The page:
Originally published on Sun February 24, 2013 10:59 pm
A big first for Danica Patrick, but an even bigger second for Jimmie Johnson.
Patrick made history out front at the Daytona 500, only to see five-time NASCAR champion Jimmie Johnson reclaim his spot at the top in the end.
Johnson won his second Daytona 500 with a late push on Sunday, grabbing the spotlight from Patrick as she faded on the final lap. Patrick became the first woman in history to lead laps in "The Great American Race" and was running third on the last lap, but slipped to eighth in the late push for position.
When a private firm failed to meet its promise of providing enough guards for the Olympics, the British military was called in to "mind the gap" in security.
But even though the government is bringing in those troops — as well as RAF Typhoon combat jets, surface-to-air missiles on rooftops, and an aircraft carrier on the River Thames — organizers say it will still look like the Summer Games, and not war games.
South Korea conducted live-fire military drills near its disputed sea boundary with North Korea Monday, despite Pyongyang's threat to respond with a "merciless" attack.
North Korea did not carry out the threat as it focuses on internal stability two months after the death of longtime leader Kim Jong Il and prepares for nuclear disarmament talks with the United States later this week. But with American forces scheduled to conduct additional military exercises with ally South Korea over the next few months, tensions are expected to remain high in the region.
Originally published on Mon January 2, 2012 7:17 pm
Saudi Arabia said Monday that it will enforce a law that allows only females to work in women's lingerie and apparel stores, despite disapproval from the country's top cleric.
The 2006 law banning men from working in female apparel and cosmetic stores has never been put into effect, partly because of the views of hard-liners in the religious establishment, who oppose the whole idea of women working in places where men and women congregate, such as malls.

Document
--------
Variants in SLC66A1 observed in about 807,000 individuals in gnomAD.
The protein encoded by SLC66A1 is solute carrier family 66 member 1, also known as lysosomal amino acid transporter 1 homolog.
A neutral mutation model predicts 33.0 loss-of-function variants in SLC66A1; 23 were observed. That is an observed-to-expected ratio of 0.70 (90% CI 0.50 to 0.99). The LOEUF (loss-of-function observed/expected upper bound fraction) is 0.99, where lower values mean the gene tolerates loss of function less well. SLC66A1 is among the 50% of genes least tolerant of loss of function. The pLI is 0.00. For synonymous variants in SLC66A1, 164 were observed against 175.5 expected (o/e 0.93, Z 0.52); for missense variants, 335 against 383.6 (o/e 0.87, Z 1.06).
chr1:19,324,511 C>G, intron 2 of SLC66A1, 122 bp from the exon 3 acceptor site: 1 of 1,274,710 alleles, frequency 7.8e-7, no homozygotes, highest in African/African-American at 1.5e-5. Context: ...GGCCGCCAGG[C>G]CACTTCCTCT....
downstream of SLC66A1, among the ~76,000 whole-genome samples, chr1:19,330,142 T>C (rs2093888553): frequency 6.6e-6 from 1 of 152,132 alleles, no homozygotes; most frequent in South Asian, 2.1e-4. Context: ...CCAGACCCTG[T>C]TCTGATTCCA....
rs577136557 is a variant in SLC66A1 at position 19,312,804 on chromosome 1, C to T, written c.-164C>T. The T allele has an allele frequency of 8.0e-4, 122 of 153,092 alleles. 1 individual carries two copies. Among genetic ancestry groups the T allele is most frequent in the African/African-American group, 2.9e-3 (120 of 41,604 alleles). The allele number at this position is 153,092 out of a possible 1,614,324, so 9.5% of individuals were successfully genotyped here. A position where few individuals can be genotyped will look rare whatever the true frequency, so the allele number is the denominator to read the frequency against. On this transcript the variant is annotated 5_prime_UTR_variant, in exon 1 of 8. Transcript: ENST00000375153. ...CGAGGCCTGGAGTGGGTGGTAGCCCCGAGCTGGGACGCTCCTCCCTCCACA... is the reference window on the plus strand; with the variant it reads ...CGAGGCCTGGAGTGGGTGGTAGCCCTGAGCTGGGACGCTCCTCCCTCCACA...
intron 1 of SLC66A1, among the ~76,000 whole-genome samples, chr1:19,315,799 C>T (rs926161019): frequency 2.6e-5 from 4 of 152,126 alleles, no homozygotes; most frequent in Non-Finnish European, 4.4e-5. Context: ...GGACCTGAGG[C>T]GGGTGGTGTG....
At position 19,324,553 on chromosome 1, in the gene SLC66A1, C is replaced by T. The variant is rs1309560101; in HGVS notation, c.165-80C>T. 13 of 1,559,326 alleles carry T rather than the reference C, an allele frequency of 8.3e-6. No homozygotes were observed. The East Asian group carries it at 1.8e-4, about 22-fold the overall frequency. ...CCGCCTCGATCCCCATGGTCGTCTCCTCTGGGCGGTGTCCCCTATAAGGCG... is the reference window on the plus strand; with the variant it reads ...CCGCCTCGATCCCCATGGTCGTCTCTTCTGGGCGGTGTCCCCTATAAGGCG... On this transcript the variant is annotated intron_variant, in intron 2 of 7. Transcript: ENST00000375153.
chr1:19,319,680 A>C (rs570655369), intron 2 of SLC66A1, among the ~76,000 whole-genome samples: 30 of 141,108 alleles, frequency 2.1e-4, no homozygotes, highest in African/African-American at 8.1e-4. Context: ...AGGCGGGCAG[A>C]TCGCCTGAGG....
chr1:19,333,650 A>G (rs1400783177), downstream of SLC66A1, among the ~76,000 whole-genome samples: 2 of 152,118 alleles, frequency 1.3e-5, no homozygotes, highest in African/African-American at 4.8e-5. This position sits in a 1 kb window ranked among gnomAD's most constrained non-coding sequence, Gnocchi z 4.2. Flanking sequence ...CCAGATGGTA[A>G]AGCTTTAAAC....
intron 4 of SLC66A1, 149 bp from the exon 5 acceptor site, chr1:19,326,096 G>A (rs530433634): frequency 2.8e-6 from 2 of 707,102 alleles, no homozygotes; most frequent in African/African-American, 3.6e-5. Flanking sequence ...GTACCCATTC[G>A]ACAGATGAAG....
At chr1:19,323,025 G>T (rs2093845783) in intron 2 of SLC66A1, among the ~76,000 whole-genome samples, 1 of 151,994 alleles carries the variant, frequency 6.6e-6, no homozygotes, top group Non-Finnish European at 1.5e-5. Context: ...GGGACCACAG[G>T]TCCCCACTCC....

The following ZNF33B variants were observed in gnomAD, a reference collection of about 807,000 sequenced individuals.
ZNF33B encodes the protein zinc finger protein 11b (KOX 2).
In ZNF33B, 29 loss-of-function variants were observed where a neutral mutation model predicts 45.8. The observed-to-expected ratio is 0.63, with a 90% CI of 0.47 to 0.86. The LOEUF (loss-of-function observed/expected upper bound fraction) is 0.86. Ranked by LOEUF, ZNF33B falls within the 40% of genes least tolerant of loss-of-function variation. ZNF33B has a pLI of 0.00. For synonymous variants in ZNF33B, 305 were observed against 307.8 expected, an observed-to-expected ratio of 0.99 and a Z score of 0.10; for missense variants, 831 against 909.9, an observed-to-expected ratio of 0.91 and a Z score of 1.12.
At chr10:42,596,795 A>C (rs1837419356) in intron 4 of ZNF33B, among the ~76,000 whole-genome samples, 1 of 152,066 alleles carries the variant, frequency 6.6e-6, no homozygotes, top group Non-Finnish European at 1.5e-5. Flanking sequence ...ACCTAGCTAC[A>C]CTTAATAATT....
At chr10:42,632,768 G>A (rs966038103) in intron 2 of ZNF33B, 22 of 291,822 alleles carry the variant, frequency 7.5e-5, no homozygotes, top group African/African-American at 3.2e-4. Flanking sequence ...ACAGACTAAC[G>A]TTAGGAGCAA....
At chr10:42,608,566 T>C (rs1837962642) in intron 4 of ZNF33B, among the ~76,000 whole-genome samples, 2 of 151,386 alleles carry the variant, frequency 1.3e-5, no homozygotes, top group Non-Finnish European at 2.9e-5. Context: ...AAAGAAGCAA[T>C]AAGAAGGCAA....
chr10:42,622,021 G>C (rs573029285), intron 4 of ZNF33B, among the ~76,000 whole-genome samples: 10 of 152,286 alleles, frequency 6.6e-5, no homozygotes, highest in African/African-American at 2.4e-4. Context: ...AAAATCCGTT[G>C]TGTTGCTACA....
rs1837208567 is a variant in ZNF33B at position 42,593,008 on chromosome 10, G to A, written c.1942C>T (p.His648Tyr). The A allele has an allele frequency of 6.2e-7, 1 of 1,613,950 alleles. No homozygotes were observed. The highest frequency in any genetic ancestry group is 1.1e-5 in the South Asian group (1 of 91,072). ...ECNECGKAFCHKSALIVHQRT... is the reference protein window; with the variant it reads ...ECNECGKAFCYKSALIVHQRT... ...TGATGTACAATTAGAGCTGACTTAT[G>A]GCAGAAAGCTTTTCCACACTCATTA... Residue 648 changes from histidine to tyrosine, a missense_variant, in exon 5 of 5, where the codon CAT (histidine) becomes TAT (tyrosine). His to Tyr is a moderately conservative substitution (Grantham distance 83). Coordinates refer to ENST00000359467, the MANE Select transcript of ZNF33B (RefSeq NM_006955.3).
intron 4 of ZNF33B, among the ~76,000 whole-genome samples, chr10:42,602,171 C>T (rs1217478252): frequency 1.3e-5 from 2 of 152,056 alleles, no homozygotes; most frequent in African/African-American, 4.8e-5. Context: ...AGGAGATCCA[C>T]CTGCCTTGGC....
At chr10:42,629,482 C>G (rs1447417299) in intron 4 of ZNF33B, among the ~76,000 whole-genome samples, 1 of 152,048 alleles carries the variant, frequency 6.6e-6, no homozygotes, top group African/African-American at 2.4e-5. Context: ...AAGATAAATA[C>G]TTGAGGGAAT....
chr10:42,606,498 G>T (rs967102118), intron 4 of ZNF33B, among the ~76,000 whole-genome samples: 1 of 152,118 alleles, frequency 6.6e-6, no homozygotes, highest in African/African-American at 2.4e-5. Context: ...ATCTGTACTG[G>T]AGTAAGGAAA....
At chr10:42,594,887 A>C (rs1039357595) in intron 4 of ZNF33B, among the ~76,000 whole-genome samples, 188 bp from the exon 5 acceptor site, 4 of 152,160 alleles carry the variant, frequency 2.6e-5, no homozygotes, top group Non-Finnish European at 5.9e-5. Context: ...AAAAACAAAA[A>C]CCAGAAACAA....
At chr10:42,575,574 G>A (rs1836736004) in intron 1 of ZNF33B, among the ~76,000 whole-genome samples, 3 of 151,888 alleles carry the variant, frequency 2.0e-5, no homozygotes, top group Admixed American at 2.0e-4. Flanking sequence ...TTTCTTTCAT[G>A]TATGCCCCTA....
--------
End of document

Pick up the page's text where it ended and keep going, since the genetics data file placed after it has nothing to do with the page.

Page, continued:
After hitting a 30-year low in 2009, U.S. auto sales are poised for a second straight year of growth in 2012 — the result of easier credit, low interest rates and pent-up demand for cars and trucks created by the Great Recession.
The sales forecast bodes well for the industry's continued recovery and for the broader American economy.
Just two years ago, Detroit automakers were in peril. Car sales plunged as unemployment soared, and loans became harder to get. Chrysler and General Motors filed for bankruptcy protection. Ford avoided bankruptcy only by borrowing billions.
Iran's navy said it test-fired a surface-to-surface cruise missile on Monday during a drill in international waters near the strategic Strait of Hormuz, the official IRNA news agency reported.
The missile, called Ghader, or Capable in Farsi, was described as an upgraded version of a missile that has been in service before. IRNA said the missile "successfully hit its intended target" during the drill.
It took a U.S.-led invasion force of more than 200,000 troops nine months to scour Iraq's nearly 170,000 square miles before they captured Saddam Hussein, in one of the largest manhunts ever.
Now, Moammar Gadhafi is on the run in Libya — but chasing after him is a much smaller and less well-equipped force of Libyan rebels. They're trying to track down a fugitive who, like Saddam, is well-armed, well-funded and capable of winning popular support and sowing instability simply by evading his pursuers.
NCAA President Mark Emmert says he's willing to back up his tough talk on punishing rule-breakers — even using the "death penalty" as a deterrent.
With salacious allegations swirling around Miami's football program, and one week after Emmert joined with university presidents to discuss toughening sanctions against cheating schools, the NCAA's leader said he believed the infractions committee should make the harshest penalty an option.
More than 300,000 children in the Horn of Africa are severely malnourished "and in imminent risk of dying" because of drought and famine, the head of the U.N. children's agency said Friday.
The United Nations says that tens of thousands of people have died in Somalia, Kenya, Ethiopia and Djibouti — and the organization warns that the famine hasn't peaked. More than 12 million people in the region need food aid, according to the U.N.
"The crisis in the Horn of Africa is a human disaster becoming a human catastrophe," UNICEF Executive Director Anthony Lake told reporters.
Libyan rebels say a close Moammar Gadhafi associate who was once the No. 2 top regime official has defected in another blow to the increasingly isolated Libyan leader.
Abdel Salam Jalloud helped Gadhafi stage the 1969 coup that propelled him to power and transformed Libya from a monarchy to a republic. He was Gadhafi's most trusted deputy for two decades but began to clash with the leader starting in the 1990s.